WW2 Allies – Finland

Finnish snipers were some of the deadliest in the world. During the Winter War (November 1939 – March 1940), the Soviet Union invaded Finland hoping to gain Finnish territory and create a buffer zone for Leningrad. Because of the inexperience of Soviet troops and the incredible effectiveness of Finnish snipers, the USSR lost 40 men to every Finn that was killed.
Finnish snipers were some of the deadliest in the world. During the Winter War (November 1939 – March 1940), the Soviet Union invaded Finland hoping to gain Finnish territory and create a buffer zone for Leningrad. Because of the inexperience of Soviet troops and the incredible effectiveness of Finnish snipers, the USSR lost 40 men to every Finn that was killed.

Finland , officially the Republic of Finland, is a sovereign state in Europe. A peninsula with the Gulf of Finland to the south and the Gulf of Bothnia to the west, the country has land borders with Sweden to the northwest, Norway to the north, and Russia to the east. Estonia is south of the country across the Gulf of Finland. Finland is situated in the geographical region of Fennoscandia, which also includes Scandinavia. Finland’s population is 5.5 million (2014), staying roughly on the same level over the past two decades. The majority of the population is concentrated in the southern region. In terms of area, it is the eighth largest country in Europe and the most sparsely populated country in the European Union.

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World War II

During World War II, Finland fought the Soviet Union twice: in the Winter War of 1939–1940 after the Soviet Union had attacked Finland; and in the Continuation War of 1941–1944, following Operation Barbarossa, during which Finland aligned, however not allied, with Germany following its invasion of the Soviet Union. After fighting a major Soviet offensive in June/July 1944 to a standstill, Finland reached an armistice with the Soviet Union. This was followed by the Lapland War of 1944–1945, when Finland fought against the retreating German forces in northern Finland.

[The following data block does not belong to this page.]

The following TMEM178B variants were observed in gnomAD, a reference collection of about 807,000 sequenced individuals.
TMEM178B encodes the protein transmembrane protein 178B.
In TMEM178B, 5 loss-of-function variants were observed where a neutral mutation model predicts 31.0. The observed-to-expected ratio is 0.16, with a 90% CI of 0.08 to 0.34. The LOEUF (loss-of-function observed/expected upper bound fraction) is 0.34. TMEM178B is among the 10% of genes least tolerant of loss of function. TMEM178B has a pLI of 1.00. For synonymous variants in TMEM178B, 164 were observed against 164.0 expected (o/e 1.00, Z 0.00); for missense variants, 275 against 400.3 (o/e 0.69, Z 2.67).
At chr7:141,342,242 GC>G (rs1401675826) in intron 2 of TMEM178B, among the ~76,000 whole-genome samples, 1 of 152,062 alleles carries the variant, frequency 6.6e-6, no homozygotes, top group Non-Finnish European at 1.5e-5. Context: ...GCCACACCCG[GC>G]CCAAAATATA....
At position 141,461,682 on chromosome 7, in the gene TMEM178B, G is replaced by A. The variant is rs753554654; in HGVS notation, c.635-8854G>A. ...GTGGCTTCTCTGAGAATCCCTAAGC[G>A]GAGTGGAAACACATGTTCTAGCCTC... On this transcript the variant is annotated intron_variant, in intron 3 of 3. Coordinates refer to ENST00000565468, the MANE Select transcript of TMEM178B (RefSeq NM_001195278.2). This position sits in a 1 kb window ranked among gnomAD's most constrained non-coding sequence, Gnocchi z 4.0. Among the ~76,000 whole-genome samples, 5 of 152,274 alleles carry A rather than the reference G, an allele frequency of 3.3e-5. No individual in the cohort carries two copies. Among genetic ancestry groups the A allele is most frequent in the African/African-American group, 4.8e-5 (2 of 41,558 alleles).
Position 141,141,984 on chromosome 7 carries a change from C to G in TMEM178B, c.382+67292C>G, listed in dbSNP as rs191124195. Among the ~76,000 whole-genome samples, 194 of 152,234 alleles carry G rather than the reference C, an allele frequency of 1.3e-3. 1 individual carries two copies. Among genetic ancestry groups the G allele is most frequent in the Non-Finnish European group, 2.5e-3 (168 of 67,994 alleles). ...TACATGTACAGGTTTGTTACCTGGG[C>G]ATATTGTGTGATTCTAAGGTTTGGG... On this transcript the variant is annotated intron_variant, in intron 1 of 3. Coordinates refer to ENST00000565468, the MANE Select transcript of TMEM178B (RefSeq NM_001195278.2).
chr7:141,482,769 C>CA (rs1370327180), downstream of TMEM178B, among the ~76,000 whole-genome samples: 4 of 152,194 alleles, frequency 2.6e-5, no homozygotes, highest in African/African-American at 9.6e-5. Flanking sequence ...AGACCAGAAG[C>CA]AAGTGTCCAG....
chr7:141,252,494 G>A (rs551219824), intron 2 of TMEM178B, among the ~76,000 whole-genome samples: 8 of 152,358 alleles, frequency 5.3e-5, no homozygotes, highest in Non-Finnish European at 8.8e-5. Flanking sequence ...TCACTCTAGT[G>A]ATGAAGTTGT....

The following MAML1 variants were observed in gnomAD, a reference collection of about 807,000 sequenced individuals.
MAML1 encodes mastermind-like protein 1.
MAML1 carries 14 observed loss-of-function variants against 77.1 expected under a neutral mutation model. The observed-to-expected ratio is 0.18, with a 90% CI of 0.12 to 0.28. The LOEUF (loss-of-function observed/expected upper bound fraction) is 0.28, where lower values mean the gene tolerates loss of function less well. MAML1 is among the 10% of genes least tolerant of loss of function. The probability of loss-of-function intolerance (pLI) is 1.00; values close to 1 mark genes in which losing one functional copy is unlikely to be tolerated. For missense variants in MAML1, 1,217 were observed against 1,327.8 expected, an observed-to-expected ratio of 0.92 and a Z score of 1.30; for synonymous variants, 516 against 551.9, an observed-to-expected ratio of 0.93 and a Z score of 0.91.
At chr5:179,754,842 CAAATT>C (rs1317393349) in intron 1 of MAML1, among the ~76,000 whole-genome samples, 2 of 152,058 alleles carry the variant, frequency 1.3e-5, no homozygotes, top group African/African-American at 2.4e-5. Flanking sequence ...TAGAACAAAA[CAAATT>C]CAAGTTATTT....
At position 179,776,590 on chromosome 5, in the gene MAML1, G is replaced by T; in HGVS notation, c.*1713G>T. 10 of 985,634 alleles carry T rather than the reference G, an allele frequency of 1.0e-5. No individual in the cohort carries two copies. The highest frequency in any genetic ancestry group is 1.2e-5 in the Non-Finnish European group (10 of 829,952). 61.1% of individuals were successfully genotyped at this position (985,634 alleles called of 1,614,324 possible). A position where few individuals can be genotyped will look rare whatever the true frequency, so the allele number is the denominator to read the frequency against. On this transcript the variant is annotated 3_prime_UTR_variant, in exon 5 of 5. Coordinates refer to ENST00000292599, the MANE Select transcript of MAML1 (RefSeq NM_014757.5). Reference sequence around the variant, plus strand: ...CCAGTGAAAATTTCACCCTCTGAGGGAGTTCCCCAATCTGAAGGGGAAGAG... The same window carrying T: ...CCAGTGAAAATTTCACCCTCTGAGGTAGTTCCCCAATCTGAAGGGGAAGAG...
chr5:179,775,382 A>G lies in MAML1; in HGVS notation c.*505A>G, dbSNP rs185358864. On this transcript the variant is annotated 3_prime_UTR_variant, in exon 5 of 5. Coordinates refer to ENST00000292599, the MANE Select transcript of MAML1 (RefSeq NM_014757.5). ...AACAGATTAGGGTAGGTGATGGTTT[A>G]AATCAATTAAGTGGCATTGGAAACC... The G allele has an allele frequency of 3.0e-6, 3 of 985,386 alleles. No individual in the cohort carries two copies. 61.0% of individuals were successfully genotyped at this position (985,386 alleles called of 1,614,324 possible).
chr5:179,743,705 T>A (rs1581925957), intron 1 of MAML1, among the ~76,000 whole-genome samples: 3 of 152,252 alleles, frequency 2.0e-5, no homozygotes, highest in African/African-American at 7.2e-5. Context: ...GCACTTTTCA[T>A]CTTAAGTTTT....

The treaties signed in 1947 and 1948 with the Soviet Union included Finnish obligations, restraints, and reparations—as well as further Finnish territorial concessions in addition to those in the Moscow Peace Treaty of 1940. As a result of the two wars, Finland was forced to cede most of Finnish Karelia, Salla, and Petsamo, which amounted to 10% of its land area and 20% of its industrial capacity, including the ports of Vyborg (Viipuri) and the ice-free Liinakhamari (Liinahamari). Almost the whole population, some 400,000 people, fled these areas. Finland was never occupied by Soviet forces; it retained its independence, however, at a loss of about 93,000 soldiers.

Finland rejected Marshall aid, in apparent deference to Soviet desires. However, the United States provided secret development aid and helped the (non-communist) Social Democratic Party in hopes of preserving Finland’s independence. Establishing trade with the Western powers, such as the United Kingdom, and the reparations to the Soviet Union caused Finland to transform itself from a primarily agrarian economy to an industrialized one. For example, the Valmet corporation was founded to create materials for war reparations. Even after the reparations had been paid off, Finland—which was poor in certain resources necessary for an industrialized nation (such as iron and oil)—continued to trade with the Soviet Union in the framework of bilateral trade.

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Hjalmar Siilasvuo

Hjalmar Fridolf Siilasvuo (birthname: Hjalmar Fridolf Strömberg, 18 March 1892, Helsinki – 11 January 1947) was a Finnish lieutenant general who led troops in the Winter War, Continuation War and Lapland War. He also saw action as a part of the Finnish volunteer “Jägerbattalion 27” fighting on the German side in World War I.

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German Military History with a focus on World War 2 History including other areas of German History